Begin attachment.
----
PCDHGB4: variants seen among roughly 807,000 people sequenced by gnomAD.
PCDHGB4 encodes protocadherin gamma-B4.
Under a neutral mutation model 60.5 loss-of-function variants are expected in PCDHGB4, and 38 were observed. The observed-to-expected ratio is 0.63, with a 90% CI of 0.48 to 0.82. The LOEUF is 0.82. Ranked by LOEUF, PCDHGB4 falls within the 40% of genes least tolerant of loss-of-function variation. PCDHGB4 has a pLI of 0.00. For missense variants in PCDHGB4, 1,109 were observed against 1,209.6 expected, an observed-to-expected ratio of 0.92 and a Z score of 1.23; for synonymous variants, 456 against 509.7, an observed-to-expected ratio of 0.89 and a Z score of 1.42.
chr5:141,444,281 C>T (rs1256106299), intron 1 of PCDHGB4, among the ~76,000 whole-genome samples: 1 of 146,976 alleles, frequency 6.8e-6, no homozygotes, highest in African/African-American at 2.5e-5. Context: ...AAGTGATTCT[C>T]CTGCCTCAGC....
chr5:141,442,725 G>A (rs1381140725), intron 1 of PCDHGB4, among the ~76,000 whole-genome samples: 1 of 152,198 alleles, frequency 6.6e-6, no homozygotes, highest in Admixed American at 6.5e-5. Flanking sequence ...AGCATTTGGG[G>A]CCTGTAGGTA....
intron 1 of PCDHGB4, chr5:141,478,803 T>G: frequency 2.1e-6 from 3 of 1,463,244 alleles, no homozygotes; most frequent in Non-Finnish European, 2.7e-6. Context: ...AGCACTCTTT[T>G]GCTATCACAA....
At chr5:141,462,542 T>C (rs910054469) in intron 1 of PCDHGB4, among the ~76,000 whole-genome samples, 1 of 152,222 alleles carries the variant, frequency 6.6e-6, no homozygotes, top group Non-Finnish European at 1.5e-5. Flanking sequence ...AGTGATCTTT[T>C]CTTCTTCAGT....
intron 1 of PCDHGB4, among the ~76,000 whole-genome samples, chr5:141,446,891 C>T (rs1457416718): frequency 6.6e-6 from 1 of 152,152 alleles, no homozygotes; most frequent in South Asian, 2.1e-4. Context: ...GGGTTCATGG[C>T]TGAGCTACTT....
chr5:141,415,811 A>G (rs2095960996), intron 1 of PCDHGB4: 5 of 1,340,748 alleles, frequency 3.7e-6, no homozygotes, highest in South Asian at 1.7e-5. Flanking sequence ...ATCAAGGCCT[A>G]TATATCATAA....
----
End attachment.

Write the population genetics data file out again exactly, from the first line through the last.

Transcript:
PCDHGB4: variants seen among roughly 807,000 people sequenced by gnomAD.
PCDHGB4 encodes protocadherin gamma-B4.
Under a neutral mutation model 60.5 loss-of-function variants are expected in PCDHGB4, and 38 were observed. The observed-to-expected ratio is 0.63, with a 90% CI of 0.48 to 0.82. The LOEUF is 0.82. Ranked by LOEUF, PCDHGB4 falls within the 40% of genes least tolerant of loss-of-function variation. PCDHGB4 has a pLI of 0.00. For missense variants in PCDHGB4, 1,109 were observed against 1,209.6 expected, an observed-to-expected ratio of 0.92 and a Z score of 1.23; for synonymous variants, 456 against 509.7, an observed-to-expected ratio of 0.89 and a Z score of 1.42.
chr5:141,444,281 C>T (rs1256106299), intron 1 of PCDHGB4, among the ~76,000 whole-genome samples: 1 of 146,976 alleles, frequency 6.8e-6, no homozygotes, highest in African/African-American at 2.5e-5. Context: ...AAGTGATTCT[C>T]CTGCCTCAGC....
chr5:141,442,725 G>A (rs1381140725), intron 1 of PCDHGB4, among the ~76,000 whole-genome samples: 1 of 152,198 alleles, frequency 6.6e-6, no homozygotes, highest in Admixed American at 6.5e-5. Flanking sequence ...AGCATTTGGG[G>A]CCTGTAGGTA....
intron 1 of PCDHGB4, chr5:141,478,803 T>G: frequency 2.1e-6 from 3 of 1,463,244 alleles, no homozygotes; most frequent in Non-Finnish European, 2.7e-6. Context: ...AGCACTCTTT[T>G]GCTATCACAA....
At chr5:141,462,542 T>C (rs910054469) in intron 1 of PCDHGB4, among the ~76,000 whole-genome samples, 1 of 152,222 alleles carries the variant, frequency 6.6e-6, no homozygotes, top group Non-Finnish European at 1.5e-5. Flanking sequence ...AGTGATCTTT[T>C]CTTCTTCAGT....
intron 1 of PCDHGB4, among the ~76,000 whole-genome samples, chr5:141,446,891 C>T (rs1457416718): frequency 6.6e-6 from 1 of 152,152 alleles, no homozygotes; most frequent in South Asian, 2.1e-4. Context: ...GGGTTCATGG[C>T]TGAGCTACTT....
chr5:141,415,811 A>G (rs2095960996), intron 1 of PCDHGB4: 5 of 1,340,748 alleles, frequency 3.7e-6, no homozygotes, highest in South Asian at 1.7e-5. Flanking sequence ...ATCAAGGCCT[A>G]TATATCATAA....